Imagining the fourth dimension

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Just because you can’t visualize or describe something to someone else doesn’t mean it can’t exist. Philosophers are still debating the existence, or otherwise, of qualia – sensations that you can certainly experience but may not be able to describe with words (e.g. describing the perception of the colour red to someone blind from birth).  Psychologist Donald Hoffman describes a cognitive disorder he calls prosthetomegethy which gives some individuals the ability to imagine or perceive a fourth spatial dimension, where the normal visual world is enhanced with an extra dimension of probability or hypothetical space. The actual existence of such a condition is rather questionable (the author admits to using some “artistic licence”) but it’s not hard to imagine that some individuals might possess such an insightful gift.

If, as some thinkers have suggested, the fourth dimension is time-related in the sense of a time-space continuum, perception of events that are yet to occur begin to make some kind of sense as an added ability to discriminate events that might involve both past and future time.  Perceiving events that occurred in the past need not only involve recall of things that an individual has actually experienced, as “remembering” past-lives episodes can supposedly place someone in a time period that precedes their actual lifespan. Critics of therapies that are based on the “recall” of past lives often attribute the resulting outcomes to the therapists’ subconscious or deliberate implantation of false memories in their subjects, creating a dramatic narrative of events based purely on imagination.  We shouldn’t discount the power of imagination, however.  It is, after all, the basis of creativity and has some connection to perceptions experienced in dreams or dream-states. German chemist Kekule’s dream of a snake swallowing its tail that lead to his description of the benzene ring is a classic example of how dreams can have an impact on original thought.

The phenomenon commonly known as déjà vu (already seen), where a person has the strange feeling that they’ve “been here before” is experienced at random times by most people.  Sometimes the sensation can present as a déjà vécu (already lived) variant where there is a strong sense that what is happening in the present has already played out identically at some time in the past.

Most humans draw on past experience when faced with an initially novel or threatening situation.  Typically, the mind immediately begins a pattern-matching search of memory, trying desperately to find a past experience that is a close match for the current situation and that can provide reassurance for a survivable outcome.  Somebody approaching the podium to give a public speech in front of a large crowd probably does this, thinking back to the last time they were in this situation and recalling that it wasn’t so bad once they got started.  In one sense, that person is projecting their past onto their (immediate) future, visualising a positive, survivable outcome that has a high probability of coming true.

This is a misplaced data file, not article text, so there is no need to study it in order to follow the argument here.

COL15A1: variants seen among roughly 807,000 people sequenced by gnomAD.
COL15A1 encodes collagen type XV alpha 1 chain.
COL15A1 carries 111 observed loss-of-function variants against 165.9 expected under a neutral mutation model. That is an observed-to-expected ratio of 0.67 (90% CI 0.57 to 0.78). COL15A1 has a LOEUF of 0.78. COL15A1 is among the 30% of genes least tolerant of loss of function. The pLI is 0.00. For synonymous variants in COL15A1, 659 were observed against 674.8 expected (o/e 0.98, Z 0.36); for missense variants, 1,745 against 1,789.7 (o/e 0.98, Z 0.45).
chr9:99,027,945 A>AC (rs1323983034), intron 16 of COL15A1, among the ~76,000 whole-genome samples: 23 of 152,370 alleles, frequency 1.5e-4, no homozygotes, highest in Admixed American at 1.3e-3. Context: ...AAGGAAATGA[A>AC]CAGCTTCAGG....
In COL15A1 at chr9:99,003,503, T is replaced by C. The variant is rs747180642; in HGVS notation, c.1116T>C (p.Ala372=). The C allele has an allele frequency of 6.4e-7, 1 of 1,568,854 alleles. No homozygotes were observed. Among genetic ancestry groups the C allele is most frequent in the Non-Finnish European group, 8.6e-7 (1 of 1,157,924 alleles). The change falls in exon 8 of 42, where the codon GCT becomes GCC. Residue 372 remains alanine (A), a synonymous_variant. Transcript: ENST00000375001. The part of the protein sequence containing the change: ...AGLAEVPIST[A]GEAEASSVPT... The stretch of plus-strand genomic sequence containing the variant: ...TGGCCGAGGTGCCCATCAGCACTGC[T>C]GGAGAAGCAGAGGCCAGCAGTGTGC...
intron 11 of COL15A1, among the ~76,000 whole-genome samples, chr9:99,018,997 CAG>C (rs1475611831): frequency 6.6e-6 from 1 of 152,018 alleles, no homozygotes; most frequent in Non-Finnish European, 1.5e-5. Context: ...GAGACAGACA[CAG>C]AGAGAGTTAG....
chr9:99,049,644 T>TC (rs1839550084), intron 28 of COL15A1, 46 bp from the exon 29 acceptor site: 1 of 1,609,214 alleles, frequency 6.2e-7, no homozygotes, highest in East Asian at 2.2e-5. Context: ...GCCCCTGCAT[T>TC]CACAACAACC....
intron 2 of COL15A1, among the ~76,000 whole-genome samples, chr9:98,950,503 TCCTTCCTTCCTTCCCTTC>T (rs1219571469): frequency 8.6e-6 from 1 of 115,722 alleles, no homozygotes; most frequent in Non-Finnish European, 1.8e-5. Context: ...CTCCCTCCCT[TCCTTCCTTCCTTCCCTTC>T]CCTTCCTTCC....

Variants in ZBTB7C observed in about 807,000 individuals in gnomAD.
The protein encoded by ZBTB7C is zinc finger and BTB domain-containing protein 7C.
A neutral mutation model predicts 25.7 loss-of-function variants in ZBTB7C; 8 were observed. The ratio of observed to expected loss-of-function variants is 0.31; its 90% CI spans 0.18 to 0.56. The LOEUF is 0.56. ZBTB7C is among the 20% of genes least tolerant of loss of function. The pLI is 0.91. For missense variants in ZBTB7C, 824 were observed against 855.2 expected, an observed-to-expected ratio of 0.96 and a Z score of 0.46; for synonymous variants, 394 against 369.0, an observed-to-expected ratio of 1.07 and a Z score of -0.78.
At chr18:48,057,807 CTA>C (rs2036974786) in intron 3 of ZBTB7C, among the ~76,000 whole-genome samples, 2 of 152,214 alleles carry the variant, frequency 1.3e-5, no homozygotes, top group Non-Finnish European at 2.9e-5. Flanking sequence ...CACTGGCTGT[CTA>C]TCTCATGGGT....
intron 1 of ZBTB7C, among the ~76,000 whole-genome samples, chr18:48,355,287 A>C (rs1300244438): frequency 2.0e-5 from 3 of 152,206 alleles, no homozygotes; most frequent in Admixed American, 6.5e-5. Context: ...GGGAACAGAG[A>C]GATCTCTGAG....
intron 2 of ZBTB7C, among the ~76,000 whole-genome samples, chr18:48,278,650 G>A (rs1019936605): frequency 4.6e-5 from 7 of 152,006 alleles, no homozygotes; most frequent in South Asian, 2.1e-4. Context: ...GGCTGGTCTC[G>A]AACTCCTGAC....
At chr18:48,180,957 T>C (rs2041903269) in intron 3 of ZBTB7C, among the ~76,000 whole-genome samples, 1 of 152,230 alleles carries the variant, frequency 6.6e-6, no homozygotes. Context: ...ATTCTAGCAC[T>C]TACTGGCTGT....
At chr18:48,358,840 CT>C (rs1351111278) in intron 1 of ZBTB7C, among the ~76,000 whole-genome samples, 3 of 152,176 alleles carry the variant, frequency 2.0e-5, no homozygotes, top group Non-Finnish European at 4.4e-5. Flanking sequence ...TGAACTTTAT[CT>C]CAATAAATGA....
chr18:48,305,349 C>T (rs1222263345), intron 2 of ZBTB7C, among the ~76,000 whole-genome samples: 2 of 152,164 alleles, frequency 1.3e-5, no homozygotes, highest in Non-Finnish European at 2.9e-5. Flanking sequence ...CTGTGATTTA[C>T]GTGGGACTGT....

A step beyond the concept of the probability of something happening as we imagined it would is the idea of certainty that an event will occur in the future. This is where the idea of an extra fourth-dimensional perception kicks in.  Someone who could “see” in the fourth dimension could possibly perceive (as opposed to visualise or imagine) the end result of a visual sequence before it had actually occurred, in effect “pre-experiencing” what seems to be a real event. To them, the future occurrence is never in doubt because it’s been experienced already and is therefore seen as a past event.  The concept of such premonitional episodes is hardly a new idea, but the statement: “I have seen the future and it is … (good/bad/awesome)” might be a statement of visual fact in the minds of people who are absolutely certain that what they have “seen” will really come to pass.

So is the fourth dimension, if it exists at all, a spatial phenomenon such as a hypercube that we can crudely sketch in 2 or 3 dimensions or does it only exist as a time-related mental event?  One neurological explanation for the sensation of a déjà vu event is that it’s the result of an “overlap between the neurological systems responsible for short-term memory and those responsible for long-term memory (events which are perceived as being in the past)” – Wikipedia page on Deja Vu..

These events are “stored into memory before the conscious part of the brain even receives the information and processes it.”  This explanation is inadequate, however, when well-documented accounts of accurate predictions that subsequently proved to be correct are considered.  For example, psychics who predict exactly where a body will be found sometimes days before its subsequent location are obviously not suffering from a momentary “mis-wiring” of their memory systems.

“But if perception is construction, and not restricted to being merely reconstruction, then it’s an open possibility that some human observers might learn to perceive 4D worlds.”
– Davies, T., Hoffman, D. and Rodriguez, A. (2002) Visual Worlds: Construction or Reconstruction. In Journal of Consciousness Studies, Vol. 9 No. 5/6.

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